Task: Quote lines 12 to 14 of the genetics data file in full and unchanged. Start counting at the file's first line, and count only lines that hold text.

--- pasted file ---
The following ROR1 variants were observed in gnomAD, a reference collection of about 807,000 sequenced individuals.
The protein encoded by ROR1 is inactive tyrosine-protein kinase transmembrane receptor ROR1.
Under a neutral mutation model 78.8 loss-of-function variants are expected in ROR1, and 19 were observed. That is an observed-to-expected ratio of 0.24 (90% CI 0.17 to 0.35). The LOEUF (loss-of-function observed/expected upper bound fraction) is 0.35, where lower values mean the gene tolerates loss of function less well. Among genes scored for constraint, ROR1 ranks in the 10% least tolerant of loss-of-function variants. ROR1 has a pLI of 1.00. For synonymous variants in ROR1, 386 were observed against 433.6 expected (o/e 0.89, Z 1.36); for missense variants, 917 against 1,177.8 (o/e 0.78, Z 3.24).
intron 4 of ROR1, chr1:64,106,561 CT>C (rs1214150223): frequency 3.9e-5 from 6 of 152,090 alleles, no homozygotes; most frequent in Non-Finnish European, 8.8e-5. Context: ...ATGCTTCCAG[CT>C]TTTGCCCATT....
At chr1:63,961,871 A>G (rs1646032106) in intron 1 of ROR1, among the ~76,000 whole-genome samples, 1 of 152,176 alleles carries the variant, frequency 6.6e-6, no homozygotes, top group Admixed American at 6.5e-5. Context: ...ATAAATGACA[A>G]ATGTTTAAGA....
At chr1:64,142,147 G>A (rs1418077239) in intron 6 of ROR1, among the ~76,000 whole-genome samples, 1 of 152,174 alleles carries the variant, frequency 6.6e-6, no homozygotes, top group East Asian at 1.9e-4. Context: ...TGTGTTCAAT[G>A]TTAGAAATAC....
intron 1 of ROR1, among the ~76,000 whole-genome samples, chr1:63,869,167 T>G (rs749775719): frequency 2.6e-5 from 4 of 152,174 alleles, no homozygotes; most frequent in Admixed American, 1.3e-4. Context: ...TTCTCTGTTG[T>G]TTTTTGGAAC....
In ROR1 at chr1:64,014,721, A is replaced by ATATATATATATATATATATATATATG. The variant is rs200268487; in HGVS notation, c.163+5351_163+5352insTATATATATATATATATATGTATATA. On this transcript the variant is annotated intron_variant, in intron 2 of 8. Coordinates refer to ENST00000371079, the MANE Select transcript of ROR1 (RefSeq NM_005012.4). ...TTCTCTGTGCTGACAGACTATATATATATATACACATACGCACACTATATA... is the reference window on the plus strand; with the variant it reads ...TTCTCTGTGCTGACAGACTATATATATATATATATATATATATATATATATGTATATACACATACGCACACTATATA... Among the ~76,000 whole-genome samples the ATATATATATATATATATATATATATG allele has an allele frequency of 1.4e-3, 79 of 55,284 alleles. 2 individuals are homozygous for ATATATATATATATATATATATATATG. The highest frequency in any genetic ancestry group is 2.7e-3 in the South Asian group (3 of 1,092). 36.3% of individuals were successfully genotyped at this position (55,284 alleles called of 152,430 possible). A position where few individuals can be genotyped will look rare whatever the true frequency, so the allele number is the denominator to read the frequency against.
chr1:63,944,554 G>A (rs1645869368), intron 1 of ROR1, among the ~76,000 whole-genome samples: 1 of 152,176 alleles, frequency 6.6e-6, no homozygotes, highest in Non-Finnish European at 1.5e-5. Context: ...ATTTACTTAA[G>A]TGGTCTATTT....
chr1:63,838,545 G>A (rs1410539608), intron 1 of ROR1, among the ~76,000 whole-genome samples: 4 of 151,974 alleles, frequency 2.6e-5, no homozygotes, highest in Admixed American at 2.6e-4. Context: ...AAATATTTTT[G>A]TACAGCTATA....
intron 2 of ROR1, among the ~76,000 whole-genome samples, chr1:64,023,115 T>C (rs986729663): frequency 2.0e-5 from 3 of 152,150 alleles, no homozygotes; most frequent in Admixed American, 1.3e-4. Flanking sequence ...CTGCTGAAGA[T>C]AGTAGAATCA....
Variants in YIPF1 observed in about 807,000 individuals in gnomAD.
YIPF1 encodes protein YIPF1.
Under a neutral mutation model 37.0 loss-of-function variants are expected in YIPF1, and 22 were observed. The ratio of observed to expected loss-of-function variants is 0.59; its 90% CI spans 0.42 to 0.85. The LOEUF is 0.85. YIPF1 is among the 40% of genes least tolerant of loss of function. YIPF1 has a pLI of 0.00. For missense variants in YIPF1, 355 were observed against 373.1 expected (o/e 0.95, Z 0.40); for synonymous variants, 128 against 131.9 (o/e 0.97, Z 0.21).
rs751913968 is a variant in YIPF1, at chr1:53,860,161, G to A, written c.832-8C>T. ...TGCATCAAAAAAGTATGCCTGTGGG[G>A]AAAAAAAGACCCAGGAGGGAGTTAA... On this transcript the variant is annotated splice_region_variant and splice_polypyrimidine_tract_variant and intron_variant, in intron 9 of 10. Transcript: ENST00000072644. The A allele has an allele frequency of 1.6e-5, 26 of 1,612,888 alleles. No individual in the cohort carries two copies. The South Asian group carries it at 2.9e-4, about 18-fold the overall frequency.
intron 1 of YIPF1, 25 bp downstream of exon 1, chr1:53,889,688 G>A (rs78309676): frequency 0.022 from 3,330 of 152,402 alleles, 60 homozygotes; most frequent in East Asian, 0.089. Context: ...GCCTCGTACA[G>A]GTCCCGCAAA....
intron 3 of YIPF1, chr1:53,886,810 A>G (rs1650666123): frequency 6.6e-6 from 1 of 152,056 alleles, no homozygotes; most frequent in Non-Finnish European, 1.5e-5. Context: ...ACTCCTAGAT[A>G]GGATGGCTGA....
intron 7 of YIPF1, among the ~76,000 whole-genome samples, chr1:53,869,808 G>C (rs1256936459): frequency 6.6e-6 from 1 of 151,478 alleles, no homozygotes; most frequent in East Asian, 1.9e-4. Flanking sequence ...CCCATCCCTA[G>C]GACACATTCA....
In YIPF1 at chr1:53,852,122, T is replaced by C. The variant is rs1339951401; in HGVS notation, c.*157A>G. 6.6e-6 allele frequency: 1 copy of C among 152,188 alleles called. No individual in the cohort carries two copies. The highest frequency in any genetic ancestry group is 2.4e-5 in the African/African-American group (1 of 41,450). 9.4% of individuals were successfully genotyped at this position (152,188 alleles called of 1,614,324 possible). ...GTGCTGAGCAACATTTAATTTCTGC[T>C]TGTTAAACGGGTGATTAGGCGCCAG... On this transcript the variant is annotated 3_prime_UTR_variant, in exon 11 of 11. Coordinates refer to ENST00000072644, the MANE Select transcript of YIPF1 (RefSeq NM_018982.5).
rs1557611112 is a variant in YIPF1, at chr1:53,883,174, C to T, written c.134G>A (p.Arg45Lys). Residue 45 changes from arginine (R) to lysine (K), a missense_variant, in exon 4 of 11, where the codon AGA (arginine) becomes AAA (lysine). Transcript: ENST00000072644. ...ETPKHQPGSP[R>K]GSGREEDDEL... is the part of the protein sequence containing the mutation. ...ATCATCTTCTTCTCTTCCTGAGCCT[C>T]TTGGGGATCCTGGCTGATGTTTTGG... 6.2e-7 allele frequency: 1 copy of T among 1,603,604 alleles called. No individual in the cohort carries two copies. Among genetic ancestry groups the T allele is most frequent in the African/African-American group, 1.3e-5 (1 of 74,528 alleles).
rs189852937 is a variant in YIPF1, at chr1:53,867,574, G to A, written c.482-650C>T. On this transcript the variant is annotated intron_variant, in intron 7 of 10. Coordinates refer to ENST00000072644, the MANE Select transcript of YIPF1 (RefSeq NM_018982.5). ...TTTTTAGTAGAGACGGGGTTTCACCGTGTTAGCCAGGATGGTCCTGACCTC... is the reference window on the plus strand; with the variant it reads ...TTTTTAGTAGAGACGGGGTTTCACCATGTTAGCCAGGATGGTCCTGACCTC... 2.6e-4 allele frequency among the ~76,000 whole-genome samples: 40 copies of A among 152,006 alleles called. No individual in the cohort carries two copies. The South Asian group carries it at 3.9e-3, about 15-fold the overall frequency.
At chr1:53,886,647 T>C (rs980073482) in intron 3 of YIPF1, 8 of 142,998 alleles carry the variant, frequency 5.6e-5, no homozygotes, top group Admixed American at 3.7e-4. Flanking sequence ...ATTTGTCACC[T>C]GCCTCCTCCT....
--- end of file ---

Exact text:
Variants in YIPF1 observed in about 807,000 individuals in gnomAD.
YIPF1 encodes protein YIPF1.
Under a neutral mutation model 37.0 loss-of-function variants are expected in YIPF1, and 22 were observed. The ratio of observed to expected loss-of-function variants is 0.59; its 90% CI spans 0.42 to 0.85. The LOEUF is 0.85. YIPF1 is among the 40% of genes least tolerant of loss of function. YIPF1 has a pLI of 0.00. For missense variants in YIPF1, 355 were observed against 373.1 expected (o/e 0.95, Z 0.40); for synonymous variants, 128 against 131.9 (o/e 0.97, Z 0.21).